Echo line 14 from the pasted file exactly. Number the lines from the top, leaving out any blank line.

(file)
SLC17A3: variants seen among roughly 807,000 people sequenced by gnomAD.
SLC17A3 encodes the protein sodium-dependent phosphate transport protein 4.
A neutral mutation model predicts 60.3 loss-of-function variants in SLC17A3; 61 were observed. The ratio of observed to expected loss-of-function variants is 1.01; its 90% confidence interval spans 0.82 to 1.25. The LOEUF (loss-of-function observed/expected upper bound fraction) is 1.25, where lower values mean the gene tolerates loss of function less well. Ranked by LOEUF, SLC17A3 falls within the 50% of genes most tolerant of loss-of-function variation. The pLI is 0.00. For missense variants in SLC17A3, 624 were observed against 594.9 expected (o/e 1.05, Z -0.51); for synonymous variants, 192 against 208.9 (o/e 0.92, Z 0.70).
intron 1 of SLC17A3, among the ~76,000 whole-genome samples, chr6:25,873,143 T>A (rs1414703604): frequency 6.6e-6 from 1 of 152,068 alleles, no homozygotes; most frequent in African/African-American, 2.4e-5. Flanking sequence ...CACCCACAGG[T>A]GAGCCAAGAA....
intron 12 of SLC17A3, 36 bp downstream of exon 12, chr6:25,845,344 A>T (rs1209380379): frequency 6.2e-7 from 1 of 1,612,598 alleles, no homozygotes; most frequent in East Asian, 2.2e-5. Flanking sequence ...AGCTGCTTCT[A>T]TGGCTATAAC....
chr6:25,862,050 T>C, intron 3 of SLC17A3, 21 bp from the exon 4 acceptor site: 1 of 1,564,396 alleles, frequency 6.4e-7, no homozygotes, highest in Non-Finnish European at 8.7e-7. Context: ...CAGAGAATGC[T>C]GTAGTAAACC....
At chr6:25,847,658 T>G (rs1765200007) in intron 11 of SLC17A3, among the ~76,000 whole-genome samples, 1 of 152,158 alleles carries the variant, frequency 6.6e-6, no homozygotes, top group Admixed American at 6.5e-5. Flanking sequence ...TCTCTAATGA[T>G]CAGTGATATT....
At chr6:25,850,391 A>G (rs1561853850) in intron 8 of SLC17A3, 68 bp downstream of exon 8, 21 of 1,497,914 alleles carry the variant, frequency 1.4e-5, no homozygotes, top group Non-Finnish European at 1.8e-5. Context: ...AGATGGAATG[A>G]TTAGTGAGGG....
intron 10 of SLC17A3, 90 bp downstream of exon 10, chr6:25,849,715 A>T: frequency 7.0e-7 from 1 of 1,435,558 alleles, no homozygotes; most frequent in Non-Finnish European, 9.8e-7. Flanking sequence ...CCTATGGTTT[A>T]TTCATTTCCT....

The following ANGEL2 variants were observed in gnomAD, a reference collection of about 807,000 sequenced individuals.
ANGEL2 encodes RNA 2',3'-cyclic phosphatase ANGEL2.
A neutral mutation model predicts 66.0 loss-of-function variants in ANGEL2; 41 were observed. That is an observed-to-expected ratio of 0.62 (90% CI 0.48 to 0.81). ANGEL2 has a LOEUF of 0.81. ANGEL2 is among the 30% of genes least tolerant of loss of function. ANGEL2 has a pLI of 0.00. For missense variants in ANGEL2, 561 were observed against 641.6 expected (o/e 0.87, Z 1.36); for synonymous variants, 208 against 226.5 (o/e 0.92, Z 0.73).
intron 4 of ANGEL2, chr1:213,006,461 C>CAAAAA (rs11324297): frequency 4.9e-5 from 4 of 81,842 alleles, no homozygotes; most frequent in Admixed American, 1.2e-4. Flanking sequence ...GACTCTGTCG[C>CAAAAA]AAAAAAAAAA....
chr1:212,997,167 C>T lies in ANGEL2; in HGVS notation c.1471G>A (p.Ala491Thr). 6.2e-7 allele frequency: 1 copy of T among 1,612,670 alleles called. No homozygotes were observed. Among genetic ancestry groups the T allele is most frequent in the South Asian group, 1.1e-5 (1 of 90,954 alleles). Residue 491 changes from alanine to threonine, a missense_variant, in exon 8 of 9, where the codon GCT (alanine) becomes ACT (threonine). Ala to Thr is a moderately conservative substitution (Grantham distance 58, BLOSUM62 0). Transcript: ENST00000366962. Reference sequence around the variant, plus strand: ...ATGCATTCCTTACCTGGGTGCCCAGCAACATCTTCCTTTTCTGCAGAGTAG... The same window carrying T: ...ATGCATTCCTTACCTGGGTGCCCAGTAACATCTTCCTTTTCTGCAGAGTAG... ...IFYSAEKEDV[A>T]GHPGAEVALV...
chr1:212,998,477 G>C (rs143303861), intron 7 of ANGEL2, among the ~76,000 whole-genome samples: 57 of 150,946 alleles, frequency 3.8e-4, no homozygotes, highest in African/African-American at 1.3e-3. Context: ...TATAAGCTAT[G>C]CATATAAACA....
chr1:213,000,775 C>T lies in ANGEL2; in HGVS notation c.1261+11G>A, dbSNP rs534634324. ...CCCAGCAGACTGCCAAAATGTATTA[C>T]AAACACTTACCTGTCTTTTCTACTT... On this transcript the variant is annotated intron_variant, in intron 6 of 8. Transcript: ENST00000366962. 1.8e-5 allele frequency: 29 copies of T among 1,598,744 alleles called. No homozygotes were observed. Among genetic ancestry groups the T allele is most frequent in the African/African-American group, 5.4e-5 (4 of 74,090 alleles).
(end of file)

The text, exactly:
chr1:212,997,167 C>T lies in ANGEL2; in HGVS notation c.1471G>A (p.Ala491Thr). 6.2e-7 allele frequency: 1 copy of T among 1,612,670 alleles called. No homozygotes were observed. Among genetic ancestry groups the T allele is most frequent in the South Asian group, 1.1e-5 (1 of 90,954 alleles). Residue 491 changes from alanine to threonine, a missense_variant, in exon 8 of 9, where the codon GCT (alanine) becomes ACT (threonine). Ala to Thr is a moderately conservative substitution (Grantham distance 58, BLOSUM62 0). Transcript: ENST00000366962. Reference sequence around the variant, plus strand: ...ATGCATTCCTTACCTGGGTGCCCAGCAACATCTTCCTTTTCTGCAGAGTAG... The same window carrying T: ...ATGCATTCCTTACCTGGGTGCCCAGTAACATCTTCCTTTTCTGCAGAGTAG... ...IFYSAEKEDV[A>T]GHPGAEVALV...